Joanna Reid is stepping down as Executive Director of the Belgrade, marking the end of an era for the Theatre. Find out more about her time with us over the last 18 years.
Joanna Reid has been the Executive Director of the Belgrade since 2003, leading the Theatre through two major redevelopments, Coventry’s year as UK City of Culture, and a global pandemic.
She now steps down after 18 years at the helm of the Theatre, making way for a new leadership team and marking the end of an era for the Belgrade.
She recently told us more about her journey with the Theatre and gave us a few personal highlights from her career.
What made you want to work in the arts?
I was really lucky to grow up in London, in a family who were very engaged in arts and culture, so I was exposed to a lot of theatre early on. It wasn’t until I watched the RSC’s production of Nicholas Nickleby for the third time that I knew I needed to be part of this industry. I knew I didn’t want to act or direct, so I thought instead I would sell the ice cream, because that was the only other job I could see anybody doing. I’m really passionate about theatre, and although I’m on the business side, it’s very much the theatre that makes me want to keep working in it.
Who are some of your theatrical inspirations?
There are specific productions and companies I have loved, like the RSC’s Nicholas Nickleby and the Histories Cycle under Michael Boyd, and the National Theatre’s promenade production of the Mystery Plays, which was such a different way of seeing theatre.
I really enjoy Hamish’s work as an artist – his pieces are really powerful and full of meaning, and they’re rooted locally so they have huge resonance. My highlight of working with him at Dundee Rep was a glorious production of Cabaret. At the Belgrade, we’ve had wonderful plays set in Coventry like One Night in November, Too Much Pressure and We’ll Live and Die in These Towns, and I’m really looking forward to Fighting Irish.
It’s also about who’s on the stage – I think Simon Russell Beale is a fabulous classical actor, so I’ll go to see anything he does! It’s also a privilege to see international film stars on the London stage.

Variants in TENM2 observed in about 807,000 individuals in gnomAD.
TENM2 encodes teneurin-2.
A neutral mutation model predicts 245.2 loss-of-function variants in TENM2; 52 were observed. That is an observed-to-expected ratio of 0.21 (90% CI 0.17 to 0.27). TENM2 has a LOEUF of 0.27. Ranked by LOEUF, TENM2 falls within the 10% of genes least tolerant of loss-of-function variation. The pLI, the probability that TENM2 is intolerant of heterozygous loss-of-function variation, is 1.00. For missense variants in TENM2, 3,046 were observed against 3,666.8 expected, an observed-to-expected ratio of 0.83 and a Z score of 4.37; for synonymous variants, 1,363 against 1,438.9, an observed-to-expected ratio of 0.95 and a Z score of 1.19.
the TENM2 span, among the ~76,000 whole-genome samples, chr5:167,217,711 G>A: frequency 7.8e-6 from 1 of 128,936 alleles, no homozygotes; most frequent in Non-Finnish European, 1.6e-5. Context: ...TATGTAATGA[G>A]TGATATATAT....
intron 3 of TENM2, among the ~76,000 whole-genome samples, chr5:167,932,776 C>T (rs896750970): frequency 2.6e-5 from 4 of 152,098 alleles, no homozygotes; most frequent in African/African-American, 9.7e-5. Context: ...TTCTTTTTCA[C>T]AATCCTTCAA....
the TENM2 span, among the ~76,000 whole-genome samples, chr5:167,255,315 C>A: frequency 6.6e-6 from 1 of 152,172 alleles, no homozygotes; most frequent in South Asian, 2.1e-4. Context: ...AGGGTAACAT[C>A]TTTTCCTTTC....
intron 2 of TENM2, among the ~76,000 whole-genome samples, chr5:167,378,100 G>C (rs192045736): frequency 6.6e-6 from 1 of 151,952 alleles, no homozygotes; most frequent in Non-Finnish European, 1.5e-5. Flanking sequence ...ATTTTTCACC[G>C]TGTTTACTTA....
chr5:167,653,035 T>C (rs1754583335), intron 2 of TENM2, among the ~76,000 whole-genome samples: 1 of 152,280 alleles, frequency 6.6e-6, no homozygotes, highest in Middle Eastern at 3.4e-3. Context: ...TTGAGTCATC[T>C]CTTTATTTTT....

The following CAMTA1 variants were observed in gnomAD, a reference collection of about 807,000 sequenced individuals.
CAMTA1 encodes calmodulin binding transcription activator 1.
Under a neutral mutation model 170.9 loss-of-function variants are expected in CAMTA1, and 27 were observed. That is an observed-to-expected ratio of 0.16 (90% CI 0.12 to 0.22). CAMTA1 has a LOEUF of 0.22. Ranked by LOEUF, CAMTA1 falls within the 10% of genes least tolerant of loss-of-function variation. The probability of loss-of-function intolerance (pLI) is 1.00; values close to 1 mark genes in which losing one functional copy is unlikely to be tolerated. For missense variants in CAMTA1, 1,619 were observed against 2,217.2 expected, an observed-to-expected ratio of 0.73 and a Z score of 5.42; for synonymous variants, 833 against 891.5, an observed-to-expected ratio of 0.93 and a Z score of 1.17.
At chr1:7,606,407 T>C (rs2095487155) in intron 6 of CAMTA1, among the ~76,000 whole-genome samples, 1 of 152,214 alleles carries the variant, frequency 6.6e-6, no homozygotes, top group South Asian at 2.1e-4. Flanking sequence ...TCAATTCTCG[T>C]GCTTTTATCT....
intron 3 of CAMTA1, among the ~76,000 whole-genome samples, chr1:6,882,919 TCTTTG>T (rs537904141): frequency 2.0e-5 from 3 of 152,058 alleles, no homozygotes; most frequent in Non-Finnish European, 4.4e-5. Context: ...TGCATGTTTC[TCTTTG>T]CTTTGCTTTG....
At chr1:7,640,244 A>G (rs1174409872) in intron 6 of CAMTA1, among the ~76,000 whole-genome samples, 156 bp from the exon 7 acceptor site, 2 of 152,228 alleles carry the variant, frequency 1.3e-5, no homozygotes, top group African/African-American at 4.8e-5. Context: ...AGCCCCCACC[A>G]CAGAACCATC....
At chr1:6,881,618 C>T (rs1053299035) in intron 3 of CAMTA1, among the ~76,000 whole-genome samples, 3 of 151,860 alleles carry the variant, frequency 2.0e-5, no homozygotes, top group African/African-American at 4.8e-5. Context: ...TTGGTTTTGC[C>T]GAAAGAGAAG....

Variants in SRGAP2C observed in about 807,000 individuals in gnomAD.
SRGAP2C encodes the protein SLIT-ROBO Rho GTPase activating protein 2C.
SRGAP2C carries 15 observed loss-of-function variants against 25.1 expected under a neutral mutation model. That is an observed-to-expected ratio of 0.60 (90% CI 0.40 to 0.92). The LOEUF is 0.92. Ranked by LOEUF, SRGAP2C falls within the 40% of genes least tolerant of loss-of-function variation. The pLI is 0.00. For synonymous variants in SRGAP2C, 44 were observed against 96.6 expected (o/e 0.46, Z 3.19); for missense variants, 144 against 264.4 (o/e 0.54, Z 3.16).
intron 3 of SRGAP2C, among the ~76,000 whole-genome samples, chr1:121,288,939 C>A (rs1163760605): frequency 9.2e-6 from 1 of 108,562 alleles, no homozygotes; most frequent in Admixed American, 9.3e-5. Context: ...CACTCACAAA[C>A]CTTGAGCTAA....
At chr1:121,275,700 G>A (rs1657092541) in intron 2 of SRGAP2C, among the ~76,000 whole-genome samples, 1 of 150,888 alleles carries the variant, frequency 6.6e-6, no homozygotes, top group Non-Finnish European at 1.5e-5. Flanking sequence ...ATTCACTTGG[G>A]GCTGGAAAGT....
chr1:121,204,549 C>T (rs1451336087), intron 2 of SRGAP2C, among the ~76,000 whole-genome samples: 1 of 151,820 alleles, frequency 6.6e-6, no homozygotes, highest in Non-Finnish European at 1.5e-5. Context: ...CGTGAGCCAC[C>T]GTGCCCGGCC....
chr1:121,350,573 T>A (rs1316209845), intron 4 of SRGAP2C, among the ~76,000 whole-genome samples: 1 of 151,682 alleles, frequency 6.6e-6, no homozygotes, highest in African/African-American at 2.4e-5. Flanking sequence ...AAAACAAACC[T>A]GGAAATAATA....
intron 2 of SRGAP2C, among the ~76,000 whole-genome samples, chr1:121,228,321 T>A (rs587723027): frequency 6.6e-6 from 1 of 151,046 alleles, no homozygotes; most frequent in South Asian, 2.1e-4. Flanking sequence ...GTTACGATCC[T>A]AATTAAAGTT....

What did you want to achieve when you first came to the Belgrade?
One thing that really attracted me was two auditoria. To have an 850 seat main auditorium, plus a more intimate 200 seat auditorium which we built, was very exciting. The variety of programme we’ve been able to have because of those two spaces has been really interesting.
It was also fabulous to be able to continue working with Hamish, following eight and a half years together at Dundee Rep. We have a very special working relationship, and it’s very powerful when it’s right. It’s a real mixing together of two disciplines which has allowed us to achieve something great.
How much has the Belgrade changed since you started here?
It’s unrecognisable! It was always a beautiful building, but it’s been fantastic to expand it with really complimentary and modern architecture. We’ve now go B2 at one and end Nineteen 58 and the new café at the other end.
The work we’re putting on has also changed massively, with much more of a focus on our produced programme. The community activity has always been at the heart of the Belgrade, but it’s always been growing and has become much more diverse.
It’s a transformed organisation but very much harking back to its original roots of doing radical work and being a theatre for the people.
How important is it to be part of a producing house?
The reason I want to be in theatre is to make work, so it’s really important for me to have a personal engagement in making shows happen. I can’t imagine working in a presenting house!
What shows have been your favourites to work on from throughout your career?
During my first job, which was General Manager of Actors Touring Company, we did a magical production of Doctor Faustus. There were three actors on stage doing a theatrically inventive, interesting production which was so eye opening.
At Dundee Rep, we set up an ensemble company, and seeing them do lots of different shows, including that gritty, seedy, stunning production of Cabaret, was glorious.
And here at the Belgrade, One Night in November made me viscerally, emotionally understand the importance of the story of the Coventry Blitz to the city.
What are your proudest moments?
I’m really proud of where we are now, despite the pandemic. We’ve got a beautiful building, and I’m also really proud of the work we do and the level of engagement we have with diverse audiences. The Belgrade is a community resource where people come to share stories which is so exciting. We make a really positive difference to people’s lives.
Handing over the Keys to the Belgrade, during Coventry’s year as City of Culture, in the midst of a pandemic probably wasn’t how you imagined leaving the Belgrade after 18 years. How does that feel?
It was always going to be really difficult for me to leave the Belgrade. The pandemic has actually made leaving easier, because running the theatre through this time has been so painful that in order to survive that, I had to let go. It’s a positive opportunity for the organisation with fresh leadership, and it’s also positive for me to have the possibility of new opportunities.
What are your next steps?
More theatre! I’ve also learned from the pandemic that I really like down time and I need to protect that. My immediate plans involve lots of outdoor activity. I’ll also be on the lookout for what job comes next.